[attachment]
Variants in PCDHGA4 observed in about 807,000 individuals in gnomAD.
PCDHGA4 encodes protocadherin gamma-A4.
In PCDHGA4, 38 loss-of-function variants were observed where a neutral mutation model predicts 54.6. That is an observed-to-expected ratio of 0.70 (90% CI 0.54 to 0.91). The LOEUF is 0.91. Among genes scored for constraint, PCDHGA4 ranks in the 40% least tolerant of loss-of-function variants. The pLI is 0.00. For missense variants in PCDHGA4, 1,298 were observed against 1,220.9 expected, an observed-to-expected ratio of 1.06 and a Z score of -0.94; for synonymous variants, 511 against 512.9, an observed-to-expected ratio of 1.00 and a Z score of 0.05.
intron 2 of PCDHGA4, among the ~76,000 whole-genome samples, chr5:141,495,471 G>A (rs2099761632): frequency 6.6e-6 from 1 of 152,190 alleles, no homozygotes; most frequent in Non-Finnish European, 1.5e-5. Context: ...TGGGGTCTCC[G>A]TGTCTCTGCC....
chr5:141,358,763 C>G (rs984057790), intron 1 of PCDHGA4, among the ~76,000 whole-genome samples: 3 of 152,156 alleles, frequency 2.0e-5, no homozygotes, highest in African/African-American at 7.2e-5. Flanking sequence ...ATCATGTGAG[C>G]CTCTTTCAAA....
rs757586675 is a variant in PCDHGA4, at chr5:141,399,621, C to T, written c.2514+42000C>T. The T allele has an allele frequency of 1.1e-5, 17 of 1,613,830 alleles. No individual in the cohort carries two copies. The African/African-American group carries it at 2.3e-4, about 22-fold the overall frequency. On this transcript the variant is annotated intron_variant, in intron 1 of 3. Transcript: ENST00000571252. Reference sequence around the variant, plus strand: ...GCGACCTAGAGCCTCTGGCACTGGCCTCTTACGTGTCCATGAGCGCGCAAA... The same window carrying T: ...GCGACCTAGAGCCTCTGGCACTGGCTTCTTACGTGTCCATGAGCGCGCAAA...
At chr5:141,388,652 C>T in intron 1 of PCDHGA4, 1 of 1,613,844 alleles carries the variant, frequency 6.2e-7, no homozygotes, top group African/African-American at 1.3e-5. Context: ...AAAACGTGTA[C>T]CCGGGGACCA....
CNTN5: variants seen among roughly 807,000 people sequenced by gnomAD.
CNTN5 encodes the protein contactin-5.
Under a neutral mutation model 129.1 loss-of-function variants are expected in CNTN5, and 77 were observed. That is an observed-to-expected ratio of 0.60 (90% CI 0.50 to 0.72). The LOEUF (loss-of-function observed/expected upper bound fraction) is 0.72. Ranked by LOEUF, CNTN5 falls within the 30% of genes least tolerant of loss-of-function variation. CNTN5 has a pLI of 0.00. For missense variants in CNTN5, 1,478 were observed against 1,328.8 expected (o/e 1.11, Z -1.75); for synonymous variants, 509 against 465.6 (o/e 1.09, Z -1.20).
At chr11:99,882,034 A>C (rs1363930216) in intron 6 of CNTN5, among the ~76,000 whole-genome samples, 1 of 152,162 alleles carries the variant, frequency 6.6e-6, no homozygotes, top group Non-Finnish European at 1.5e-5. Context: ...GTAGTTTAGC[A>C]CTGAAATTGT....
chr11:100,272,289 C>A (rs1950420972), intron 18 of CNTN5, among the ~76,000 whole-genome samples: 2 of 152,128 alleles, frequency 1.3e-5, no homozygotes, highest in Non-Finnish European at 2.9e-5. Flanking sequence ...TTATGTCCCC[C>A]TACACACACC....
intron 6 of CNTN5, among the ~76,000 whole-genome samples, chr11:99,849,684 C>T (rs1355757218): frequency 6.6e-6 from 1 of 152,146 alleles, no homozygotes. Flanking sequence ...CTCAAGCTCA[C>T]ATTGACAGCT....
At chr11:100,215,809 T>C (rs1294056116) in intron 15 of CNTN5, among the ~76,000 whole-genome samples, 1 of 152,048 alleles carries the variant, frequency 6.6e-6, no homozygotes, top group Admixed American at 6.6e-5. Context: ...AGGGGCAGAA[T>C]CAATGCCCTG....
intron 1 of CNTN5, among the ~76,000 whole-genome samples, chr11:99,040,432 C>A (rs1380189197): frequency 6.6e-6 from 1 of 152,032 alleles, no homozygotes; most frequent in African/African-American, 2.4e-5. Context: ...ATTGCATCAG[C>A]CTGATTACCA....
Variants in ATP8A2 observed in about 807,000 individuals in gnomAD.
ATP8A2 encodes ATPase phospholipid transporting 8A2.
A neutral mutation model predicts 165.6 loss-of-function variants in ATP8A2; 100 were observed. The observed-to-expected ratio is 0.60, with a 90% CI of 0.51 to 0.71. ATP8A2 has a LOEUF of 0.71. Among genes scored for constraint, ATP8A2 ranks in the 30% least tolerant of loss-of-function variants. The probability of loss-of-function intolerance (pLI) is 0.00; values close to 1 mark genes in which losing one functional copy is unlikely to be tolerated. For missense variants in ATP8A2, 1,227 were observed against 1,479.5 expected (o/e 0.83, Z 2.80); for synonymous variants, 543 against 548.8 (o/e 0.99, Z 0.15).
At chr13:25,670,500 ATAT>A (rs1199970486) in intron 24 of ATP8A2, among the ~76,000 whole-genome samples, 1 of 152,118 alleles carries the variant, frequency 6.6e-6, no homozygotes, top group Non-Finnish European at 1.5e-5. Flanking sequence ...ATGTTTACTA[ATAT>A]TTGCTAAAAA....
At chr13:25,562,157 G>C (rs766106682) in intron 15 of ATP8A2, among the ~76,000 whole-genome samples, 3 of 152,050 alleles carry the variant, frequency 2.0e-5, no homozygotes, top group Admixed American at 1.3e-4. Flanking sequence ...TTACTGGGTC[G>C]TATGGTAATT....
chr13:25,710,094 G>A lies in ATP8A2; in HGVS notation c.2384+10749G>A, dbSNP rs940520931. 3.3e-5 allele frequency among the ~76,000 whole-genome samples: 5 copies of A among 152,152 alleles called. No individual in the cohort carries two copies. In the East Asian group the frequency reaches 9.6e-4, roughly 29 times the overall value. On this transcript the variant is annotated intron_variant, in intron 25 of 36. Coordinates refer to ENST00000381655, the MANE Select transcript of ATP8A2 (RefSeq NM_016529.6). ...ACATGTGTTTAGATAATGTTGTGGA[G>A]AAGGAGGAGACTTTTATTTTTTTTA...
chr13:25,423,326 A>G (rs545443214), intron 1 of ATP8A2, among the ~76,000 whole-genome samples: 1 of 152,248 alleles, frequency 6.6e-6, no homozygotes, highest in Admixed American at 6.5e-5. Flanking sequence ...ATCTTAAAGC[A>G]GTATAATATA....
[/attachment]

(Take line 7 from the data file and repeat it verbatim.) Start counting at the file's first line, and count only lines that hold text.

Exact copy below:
At chr5:141,388,652 C>T in intron 1 of PCDHGA4, 1 of 1,613,844 alleles carries the variant, frequency 6.2e-7, no homozygotes, top group African/African-American at 1.3e-5. Context: ...AAAACGTGTA[C>T]CCGGGGACCA....